Irakli Tsereteli (1881–1959) was a Georgian politician and Menshevik
during the Russian Revolution. He was born and raised in Georgia when it
was part of the Russian Empire. A member of the Russian Social
Democratic Labour Party, Tsereteli was elected to the Duma in 1907, but
was soon charged with conspiracy to overthrow the Tsarist government and
exiled to Siberia. After the 1917 February Revolution, he took a
position in the Russian Provisional Government as Minister of Post and
Telegraph, and briefly as Minister of the Interior. After the Bolsheviks
seized power during the October Revolution, Tsereteli returned to
Georgia. At the Paris Peace Conference he lobbied for international
recognition and assistance for the newly independent Democratic Republic
of Georgia; these efforts largely failed before the Bolshevik-led Red
Army invaded in 1921. He spent the rest of his life in exile, working
with socialist organisations and writing on socialism, and died in New
Read more: <https://en.wikipedia.org/wiki/Irakli_Tsereteli>
Today's selected anniversaries:
In the Wallachian Revolution, Ion Heliade Rădulescu and
Christian Tell proclaimed a new republican government.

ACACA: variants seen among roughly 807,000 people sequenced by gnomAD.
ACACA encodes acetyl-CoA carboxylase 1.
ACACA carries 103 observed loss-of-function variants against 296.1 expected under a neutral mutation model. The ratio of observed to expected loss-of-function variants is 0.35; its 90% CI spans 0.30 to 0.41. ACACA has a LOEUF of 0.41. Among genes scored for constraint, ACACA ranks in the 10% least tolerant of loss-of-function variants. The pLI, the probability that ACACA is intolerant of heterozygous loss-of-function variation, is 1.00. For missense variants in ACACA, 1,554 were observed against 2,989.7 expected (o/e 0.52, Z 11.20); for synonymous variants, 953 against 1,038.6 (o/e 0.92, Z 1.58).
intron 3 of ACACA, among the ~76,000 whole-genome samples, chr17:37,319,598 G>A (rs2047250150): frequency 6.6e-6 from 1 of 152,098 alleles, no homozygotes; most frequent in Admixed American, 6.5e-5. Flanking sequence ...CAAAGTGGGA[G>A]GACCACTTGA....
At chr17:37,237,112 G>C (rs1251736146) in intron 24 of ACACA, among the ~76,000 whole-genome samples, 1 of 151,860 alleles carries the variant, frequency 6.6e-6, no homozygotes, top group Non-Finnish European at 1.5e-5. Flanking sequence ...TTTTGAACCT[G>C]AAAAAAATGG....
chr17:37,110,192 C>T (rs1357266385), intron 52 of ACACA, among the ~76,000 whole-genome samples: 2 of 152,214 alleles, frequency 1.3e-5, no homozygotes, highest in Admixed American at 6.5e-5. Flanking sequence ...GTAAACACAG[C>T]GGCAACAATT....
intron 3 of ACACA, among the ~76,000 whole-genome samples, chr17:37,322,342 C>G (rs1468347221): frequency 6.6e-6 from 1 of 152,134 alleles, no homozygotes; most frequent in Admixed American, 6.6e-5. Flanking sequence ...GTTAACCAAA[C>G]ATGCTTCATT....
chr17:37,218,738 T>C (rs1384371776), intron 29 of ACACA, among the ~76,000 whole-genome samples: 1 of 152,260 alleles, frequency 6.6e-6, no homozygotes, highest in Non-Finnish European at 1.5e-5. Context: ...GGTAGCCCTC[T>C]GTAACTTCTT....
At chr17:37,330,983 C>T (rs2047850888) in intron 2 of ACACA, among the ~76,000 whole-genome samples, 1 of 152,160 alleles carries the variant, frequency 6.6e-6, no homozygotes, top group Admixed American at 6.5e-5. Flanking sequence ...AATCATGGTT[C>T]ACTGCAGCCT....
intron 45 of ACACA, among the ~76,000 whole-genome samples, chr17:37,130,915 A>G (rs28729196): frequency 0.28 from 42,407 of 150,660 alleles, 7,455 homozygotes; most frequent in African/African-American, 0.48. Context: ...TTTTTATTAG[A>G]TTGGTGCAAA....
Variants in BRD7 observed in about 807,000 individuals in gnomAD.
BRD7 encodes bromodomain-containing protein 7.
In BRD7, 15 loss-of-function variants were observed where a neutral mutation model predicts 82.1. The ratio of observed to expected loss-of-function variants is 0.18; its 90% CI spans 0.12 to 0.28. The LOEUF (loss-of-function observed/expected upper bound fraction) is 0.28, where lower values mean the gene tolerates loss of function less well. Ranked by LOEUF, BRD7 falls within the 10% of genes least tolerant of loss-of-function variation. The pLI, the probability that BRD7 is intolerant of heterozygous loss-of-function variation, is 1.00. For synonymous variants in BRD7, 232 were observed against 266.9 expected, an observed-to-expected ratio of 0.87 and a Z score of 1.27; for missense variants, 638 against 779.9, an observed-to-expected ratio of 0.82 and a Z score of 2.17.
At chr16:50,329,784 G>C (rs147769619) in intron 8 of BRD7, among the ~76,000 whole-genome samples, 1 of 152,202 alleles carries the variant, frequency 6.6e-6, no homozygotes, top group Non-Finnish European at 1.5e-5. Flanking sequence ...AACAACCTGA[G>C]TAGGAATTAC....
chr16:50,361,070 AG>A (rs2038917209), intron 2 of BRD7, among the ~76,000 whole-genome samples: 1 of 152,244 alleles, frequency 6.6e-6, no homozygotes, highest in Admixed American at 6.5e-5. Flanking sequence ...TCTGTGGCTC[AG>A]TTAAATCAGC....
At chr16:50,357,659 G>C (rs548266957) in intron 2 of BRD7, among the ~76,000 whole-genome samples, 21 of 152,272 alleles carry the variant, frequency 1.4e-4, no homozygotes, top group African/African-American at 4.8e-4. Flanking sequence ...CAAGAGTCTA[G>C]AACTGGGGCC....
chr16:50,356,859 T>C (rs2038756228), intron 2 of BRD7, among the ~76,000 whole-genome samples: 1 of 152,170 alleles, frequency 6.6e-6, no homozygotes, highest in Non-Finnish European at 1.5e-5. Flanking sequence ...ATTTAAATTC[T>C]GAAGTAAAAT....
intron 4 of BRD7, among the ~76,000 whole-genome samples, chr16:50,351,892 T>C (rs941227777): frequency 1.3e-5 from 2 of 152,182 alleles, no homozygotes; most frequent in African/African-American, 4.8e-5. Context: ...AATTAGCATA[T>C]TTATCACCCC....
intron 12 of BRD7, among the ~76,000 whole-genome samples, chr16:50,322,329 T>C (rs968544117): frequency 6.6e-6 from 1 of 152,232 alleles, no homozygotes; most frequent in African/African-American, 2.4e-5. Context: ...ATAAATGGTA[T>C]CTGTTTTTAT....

Admiral Ludwig von Reuter scuttled the German High Seas Fleet
in Scapa Flow to prevent the ships from being seized and divided amongst
the Allied Powers.
Ellen Fairclough became the first woman appointed to the
The U.S. Supreme Court delivered its decision in the landmark
case Miller v. California, establishing the "Miller test" for
determining what is obscene material.
Wiktionary's word of the day:
1. (skiing) Of a ski lodge or other hotel establishment: providing
skiers with the service of transporting their equipment, luggage, and
vehicles to other establishments so they can ski directly to those
2. (skiing) Of a restaurant, shop, or other establishment or facility:
providing service to skiers while they are still wearing their skis.
Wikiquote quote of the day:
Our dreams of bringing the whole of human history under the
control of the human will are ironically refuted by the fact that no
group of idealists can easily move the pattern of history toward the
desired goal of peace and justice. The recalcitrant forces in the
historical drama have a power and persistence beyond our reckoning.
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